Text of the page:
Tuesday, June 7, 2011

Film Review: Client 9: The Rise and Fall of Eliot Spitzer

Last night, I watched Client 9 via netflix in my home from 10pm to 12am. It is a documentary on Spitzer's rise to power, who he went after when he was Attorney General, his brief stint as governor, and the prostitution-finance network in Manhattan.  I strongly recommend on account of its insight into the lives of prostitutes and the culture of entitlement on Wall Street.

Sunday, August 22, 2010

Why the Habs Should Retire Koivu's Jersey

I had posted this on the official Montreal Canadiens message board, here:
Why the Habs Should Retire Koivu's Jersey
35 of 107 people who voted on the poll agreed, 68 disagreed and 4 voted "don't know". The topic generated 149 posts over 8 pages at the time of my reposting it here.


One of my first memories of the Habs is the 1993 Stanley Cup Win. Either way that cup would be something to celebrate, as if it were not the Habs winning it would be Gretzky winning with the Kings. The Habs won, I was 9 years old. I was watching the game at Chili's with my sister, and people were celebrating... I think we really nailed that game five and I remember thinking "oh cool this is historical", or something like that.

In the 1993 entry draft, we somehow managed to draft Saku Koivu at 21st overall. It was widely seen as a good pick, so it's nice if a Stanley Cup winner goes on to get a future. He didn't play in the NHL the following year when the Habs did badly. I remember hearing Saku Koivu described as "the best player in the world not playing in the NHL. Not sure if that was 1993-94 or 1994-95. In his rookie season, 1995-96, he went off to a good start, with 20 goals and 25 assists. He would eventually be the first European captain of the Habs, captaining them for 13 seasons, the longest stretch of any Habs captain.

Earth/Moon would look like twin planets to Mercury-Based Astronomers

Discovery News 

Image taken by the Messener Spacecraft.

Thursday, August 19, 2010

I've Now Watched All Nine Seasons of the X-Files

Last November, my roommate, bought a box-set of The X-Files and over the last nine months I've watched the nine seasons. That gives an immediate measure of my assessment of the series -- I liked it well enough to watch the series from start to finish, unlike, say Six Feet Under. However, I did not like it so much to race through it at a non-leisurely pace, it did not take over my life the way Babylon 5 or The Wire did, two 5-season shows that I finished in less than 6 weeks.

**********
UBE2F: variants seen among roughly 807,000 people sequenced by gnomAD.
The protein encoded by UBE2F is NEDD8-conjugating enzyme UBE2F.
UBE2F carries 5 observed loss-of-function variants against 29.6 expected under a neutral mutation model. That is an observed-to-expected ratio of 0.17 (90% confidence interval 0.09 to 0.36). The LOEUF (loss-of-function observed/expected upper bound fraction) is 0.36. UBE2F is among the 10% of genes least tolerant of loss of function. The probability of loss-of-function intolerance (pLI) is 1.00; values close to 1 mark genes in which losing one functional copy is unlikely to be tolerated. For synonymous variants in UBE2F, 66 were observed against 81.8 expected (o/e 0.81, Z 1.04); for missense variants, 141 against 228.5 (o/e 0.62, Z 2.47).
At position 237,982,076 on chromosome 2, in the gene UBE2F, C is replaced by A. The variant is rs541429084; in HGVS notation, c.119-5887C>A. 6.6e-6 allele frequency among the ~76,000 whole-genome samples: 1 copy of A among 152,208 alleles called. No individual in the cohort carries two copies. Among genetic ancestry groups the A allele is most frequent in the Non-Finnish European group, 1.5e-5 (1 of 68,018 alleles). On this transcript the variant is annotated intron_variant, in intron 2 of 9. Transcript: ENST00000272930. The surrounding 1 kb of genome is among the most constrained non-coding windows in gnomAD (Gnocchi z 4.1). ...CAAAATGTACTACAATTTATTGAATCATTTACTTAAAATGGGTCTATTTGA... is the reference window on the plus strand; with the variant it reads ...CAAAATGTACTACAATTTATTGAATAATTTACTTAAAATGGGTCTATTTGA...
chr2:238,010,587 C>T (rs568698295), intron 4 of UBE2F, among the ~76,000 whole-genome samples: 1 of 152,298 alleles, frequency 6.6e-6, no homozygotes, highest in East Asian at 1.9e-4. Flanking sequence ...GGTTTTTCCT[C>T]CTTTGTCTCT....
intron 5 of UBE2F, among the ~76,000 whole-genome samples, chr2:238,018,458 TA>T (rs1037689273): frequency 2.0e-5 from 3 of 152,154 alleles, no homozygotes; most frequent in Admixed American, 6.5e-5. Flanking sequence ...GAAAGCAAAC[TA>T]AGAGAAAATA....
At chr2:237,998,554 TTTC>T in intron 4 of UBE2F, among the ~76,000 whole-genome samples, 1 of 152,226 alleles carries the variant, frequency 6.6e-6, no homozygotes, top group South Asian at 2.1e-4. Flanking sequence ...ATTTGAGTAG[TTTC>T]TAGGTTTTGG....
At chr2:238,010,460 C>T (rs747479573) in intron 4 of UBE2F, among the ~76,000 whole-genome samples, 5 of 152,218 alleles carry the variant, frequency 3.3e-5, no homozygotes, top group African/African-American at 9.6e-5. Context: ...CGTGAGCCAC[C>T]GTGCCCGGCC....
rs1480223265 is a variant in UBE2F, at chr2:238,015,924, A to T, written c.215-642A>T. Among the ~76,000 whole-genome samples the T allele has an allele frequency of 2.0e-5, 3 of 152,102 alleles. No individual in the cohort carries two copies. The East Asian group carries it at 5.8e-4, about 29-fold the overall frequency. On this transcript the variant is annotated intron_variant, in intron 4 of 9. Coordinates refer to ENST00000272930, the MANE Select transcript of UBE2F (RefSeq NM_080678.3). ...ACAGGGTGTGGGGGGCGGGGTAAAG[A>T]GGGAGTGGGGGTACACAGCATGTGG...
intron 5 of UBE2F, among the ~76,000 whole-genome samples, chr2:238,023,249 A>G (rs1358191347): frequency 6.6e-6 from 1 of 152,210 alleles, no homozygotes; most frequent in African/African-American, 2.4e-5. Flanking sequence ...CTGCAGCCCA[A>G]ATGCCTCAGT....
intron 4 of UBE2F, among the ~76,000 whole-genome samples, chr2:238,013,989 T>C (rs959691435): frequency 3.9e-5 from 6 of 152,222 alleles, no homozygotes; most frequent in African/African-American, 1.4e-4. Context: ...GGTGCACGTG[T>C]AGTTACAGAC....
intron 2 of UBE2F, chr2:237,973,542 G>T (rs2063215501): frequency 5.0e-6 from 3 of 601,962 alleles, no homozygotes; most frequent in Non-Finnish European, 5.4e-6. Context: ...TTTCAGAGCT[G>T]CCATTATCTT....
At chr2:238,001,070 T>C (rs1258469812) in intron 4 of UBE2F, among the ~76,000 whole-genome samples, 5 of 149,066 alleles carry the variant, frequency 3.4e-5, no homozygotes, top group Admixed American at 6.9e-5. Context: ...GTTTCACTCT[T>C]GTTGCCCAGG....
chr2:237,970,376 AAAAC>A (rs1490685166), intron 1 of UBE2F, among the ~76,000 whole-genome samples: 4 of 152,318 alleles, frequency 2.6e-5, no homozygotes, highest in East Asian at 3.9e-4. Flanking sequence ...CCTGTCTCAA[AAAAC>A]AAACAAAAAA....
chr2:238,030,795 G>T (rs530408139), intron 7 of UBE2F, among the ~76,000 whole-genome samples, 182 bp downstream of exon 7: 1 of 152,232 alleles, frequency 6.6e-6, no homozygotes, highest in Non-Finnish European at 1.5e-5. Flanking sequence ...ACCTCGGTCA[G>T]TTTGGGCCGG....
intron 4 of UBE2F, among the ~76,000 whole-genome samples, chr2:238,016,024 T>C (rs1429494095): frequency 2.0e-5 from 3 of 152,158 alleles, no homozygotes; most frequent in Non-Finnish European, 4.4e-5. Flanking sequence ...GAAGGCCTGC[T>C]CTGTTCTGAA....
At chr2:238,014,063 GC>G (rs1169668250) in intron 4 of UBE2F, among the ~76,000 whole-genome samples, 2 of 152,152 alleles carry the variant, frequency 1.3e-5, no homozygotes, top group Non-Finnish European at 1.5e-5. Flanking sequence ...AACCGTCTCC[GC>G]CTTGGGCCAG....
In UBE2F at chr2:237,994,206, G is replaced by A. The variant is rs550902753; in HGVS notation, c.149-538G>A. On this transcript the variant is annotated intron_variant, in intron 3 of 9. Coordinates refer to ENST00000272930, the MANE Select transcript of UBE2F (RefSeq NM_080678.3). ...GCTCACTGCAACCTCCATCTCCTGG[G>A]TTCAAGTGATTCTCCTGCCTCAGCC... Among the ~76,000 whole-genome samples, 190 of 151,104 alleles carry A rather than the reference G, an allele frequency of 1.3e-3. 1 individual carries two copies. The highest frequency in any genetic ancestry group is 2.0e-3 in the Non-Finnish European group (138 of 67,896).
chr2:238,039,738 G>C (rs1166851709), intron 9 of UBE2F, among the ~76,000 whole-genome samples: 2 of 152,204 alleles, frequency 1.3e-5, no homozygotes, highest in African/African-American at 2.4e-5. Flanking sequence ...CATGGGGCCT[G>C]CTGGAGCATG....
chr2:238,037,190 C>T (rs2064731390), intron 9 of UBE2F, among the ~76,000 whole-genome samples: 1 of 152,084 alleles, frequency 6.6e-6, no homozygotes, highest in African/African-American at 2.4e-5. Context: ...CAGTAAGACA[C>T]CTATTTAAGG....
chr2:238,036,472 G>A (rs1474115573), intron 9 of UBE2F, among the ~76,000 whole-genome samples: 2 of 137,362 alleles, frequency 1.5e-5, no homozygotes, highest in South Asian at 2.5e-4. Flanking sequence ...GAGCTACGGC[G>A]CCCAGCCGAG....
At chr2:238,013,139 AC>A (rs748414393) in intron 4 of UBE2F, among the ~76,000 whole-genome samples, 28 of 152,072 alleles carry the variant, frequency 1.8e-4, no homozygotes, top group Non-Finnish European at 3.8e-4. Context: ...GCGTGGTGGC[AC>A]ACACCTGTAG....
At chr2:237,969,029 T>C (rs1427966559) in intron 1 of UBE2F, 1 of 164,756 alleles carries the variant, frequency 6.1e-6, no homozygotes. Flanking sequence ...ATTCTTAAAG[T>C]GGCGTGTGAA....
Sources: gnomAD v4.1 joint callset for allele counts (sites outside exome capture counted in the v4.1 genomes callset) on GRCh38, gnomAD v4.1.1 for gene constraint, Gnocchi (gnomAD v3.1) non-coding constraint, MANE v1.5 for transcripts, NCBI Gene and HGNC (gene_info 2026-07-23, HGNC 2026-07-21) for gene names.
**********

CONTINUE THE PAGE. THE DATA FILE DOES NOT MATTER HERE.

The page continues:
The X-Files is a 1990s-era show about two FBI detectives, Fox Mulder and Dana Scully, who navigate various paranormal cases dealing with elements such as God, the afterlife, demons, magic, mutants, premonitions, and most famously, extraterrestrial life and a government conspiracy of involvement with said extraterrestrial life and the cover-up thereof. The first few nourish the episodic elements of The X-Files, whereas the last one lies at the heart of the show's 9-season story arc(s). It makes for an interesting dual nature. Popular culture's fantasies of yesteryear, such as demons, fulfill the role of antagonists within the more stylistically conservative stream of the show, aka the episodic stream. Our more modern irrational paranoia of extra-terrestrial invasion is what lies sweeping the more contemporary and superior trend of long-form story arc.

Friday, August 13, 2010

Astronomy Decadal Survey

Good Preview at Cosmic Variance:
Julianne Delcanton

Here's the home page of the released documents:
Astro 2010

If they actually manage to put these projects through I'll be satisfied, I wish they'd build SIM.

Gary Kurtz on Star Wars

LA Times

“Star Wars” was born a long time ago, but not all that far, far away. In 1972, filmmakers George Lucas and Gary Kurtz were toiling on “American Graffiti” in their San Rafael office when they began daydreaming about a throwback sci-fi adventure that channeled the old “Flash Gordon” serials as opposed to the bleak “message” movies that had taken over the genre.
“We had no idea what we were starting,” said Kurtz, who was the producer of the first two “Star Wars” films and also a second-unit director. “That simple concept changed Hollywood in a way....”

There was a bittersweet tinge to Kurtz’s voice, and it’s no surprise. This year is the 30th anniversary of “The Empire Strikes Back,” the “Star Wars” sequel that many fans consider the pinnacle moment in a franchise that has pulled in $16 billion in box office and merchandising. But 1980 was also the year that Kurtz and Lucas realized the Jedi universe wasn’t big enough for the both of them.

“I could see where things were headed,” Kurtz said. “The toy business began to drive the [Lucasfilm] empire. It’s a shame. They make three times as much on toys as they do on films. It’s natural to make decisions that protect the toy business, but that’s not the best thing for making quality films.”
 Edited to add:

Gawker - A deleted scene from Star Wars: The Return of the Jedi